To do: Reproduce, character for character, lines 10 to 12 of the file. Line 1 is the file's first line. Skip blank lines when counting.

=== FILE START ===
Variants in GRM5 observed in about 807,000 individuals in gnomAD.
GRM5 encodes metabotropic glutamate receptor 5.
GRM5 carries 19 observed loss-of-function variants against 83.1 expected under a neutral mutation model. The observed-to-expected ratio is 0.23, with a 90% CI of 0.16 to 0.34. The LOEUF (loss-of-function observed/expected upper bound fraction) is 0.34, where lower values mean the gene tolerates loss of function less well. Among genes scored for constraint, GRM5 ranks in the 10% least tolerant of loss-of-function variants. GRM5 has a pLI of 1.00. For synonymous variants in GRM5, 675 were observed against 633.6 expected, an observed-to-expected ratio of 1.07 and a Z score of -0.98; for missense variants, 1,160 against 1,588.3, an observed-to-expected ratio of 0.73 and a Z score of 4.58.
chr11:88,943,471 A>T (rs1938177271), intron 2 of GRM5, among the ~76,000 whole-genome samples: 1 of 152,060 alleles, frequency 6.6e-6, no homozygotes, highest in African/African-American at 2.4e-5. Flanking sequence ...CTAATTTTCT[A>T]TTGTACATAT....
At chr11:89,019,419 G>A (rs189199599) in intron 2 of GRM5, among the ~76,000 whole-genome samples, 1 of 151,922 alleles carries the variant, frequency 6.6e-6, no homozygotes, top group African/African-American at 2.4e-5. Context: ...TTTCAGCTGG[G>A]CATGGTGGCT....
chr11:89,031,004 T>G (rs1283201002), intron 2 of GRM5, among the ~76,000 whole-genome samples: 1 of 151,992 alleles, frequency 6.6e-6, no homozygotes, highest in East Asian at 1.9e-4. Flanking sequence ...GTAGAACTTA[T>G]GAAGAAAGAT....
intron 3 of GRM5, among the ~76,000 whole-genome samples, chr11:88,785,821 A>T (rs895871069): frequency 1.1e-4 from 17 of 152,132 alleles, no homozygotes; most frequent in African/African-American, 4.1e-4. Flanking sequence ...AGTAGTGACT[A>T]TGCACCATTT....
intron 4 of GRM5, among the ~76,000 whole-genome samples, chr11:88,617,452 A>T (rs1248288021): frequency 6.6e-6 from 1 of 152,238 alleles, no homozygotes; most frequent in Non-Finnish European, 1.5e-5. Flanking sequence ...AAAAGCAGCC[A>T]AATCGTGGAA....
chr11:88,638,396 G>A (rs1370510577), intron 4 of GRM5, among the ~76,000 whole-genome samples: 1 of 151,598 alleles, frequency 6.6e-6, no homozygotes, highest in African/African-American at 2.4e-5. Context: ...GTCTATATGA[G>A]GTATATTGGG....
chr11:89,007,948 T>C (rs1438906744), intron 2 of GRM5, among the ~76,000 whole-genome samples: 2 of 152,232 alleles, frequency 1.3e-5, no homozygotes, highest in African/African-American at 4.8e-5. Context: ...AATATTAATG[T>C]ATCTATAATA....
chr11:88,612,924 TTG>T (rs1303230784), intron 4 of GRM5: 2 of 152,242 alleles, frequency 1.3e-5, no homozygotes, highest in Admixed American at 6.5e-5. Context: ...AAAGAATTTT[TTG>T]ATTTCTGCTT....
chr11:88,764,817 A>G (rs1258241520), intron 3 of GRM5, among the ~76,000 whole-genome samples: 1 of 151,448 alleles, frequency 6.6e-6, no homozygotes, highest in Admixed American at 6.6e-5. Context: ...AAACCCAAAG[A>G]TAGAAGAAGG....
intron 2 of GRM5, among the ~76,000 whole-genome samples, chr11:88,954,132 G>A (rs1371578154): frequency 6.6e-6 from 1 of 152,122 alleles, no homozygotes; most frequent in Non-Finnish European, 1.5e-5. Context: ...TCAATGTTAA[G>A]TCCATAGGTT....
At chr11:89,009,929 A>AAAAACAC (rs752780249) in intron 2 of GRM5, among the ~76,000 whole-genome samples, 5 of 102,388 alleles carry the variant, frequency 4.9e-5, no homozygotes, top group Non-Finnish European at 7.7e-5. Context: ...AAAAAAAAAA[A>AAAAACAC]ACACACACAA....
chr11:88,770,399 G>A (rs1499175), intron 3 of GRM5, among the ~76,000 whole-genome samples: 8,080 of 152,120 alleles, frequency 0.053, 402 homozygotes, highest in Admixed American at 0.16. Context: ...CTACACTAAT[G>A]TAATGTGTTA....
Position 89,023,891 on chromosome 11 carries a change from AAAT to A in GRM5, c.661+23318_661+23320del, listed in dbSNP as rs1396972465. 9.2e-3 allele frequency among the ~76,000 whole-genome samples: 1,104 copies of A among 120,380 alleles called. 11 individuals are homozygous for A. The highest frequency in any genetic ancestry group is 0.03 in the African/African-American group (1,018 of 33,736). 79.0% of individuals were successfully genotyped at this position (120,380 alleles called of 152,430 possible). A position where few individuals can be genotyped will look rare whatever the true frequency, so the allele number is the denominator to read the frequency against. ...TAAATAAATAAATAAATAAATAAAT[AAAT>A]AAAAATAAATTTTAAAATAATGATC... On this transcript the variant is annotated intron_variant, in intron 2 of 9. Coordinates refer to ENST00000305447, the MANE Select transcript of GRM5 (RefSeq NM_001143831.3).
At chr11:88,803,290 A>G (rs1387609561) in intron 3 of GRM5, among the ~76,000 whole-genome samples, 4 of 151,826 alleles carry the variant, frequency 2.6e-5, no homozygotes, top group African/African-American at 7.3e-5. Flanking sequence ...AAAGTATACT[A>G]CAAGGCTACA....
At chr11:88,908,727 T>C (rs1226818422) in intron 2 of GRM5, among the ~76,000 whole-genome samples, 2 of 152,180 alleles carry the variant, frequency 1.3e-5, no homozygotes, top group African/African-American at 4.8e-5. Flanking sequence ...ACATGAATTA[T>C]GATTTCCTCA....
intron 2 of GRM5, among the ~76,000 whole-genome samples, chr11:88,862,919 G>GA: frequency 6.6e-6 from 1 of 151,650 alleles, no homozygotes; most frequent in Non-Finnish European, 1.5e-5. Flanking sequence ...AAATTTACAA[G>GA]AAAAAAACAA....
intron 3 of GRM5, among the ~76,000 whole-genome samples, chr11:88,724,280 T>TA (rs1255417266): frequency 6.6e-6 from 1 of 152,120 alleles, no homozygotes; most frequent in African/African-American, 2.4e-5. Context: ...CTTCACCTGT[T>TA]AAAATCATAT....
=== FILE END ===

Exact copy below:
chr11:89,007,948 T>C (rs1438906744), intron 2 of GRM5, among the ~76,000 whole-genome samples: 2 of 152,232 alleles, frequency 1.3e-5, no homozygotes, highest in African/African-American at 4.8e-5. Context: ...AATATTAATG[T>C]ATCTATAATA....
chr11:88,612,924 TTG>T (rs1303230784), intron 4 of GRM5: 2 of 152,242 alleles, frequency 1.3e-5, no homozygotes, highest in Admixed American at 6.5e-5. Context: ...AAAGAATTTT[TTG>T]ATTTCTGCTT....
chr11:88,764,817 A>G (rs1258241520), intron 3 of GRM5, among the ~76,000 whole-genome samples: 1 of 151,448 alleles, frequency 6.6e-6, no homozygotes, highest in Admixed American at 6.6e-5. Context: ...AAACCCAAAG[A>G]TAGAAGAAGG....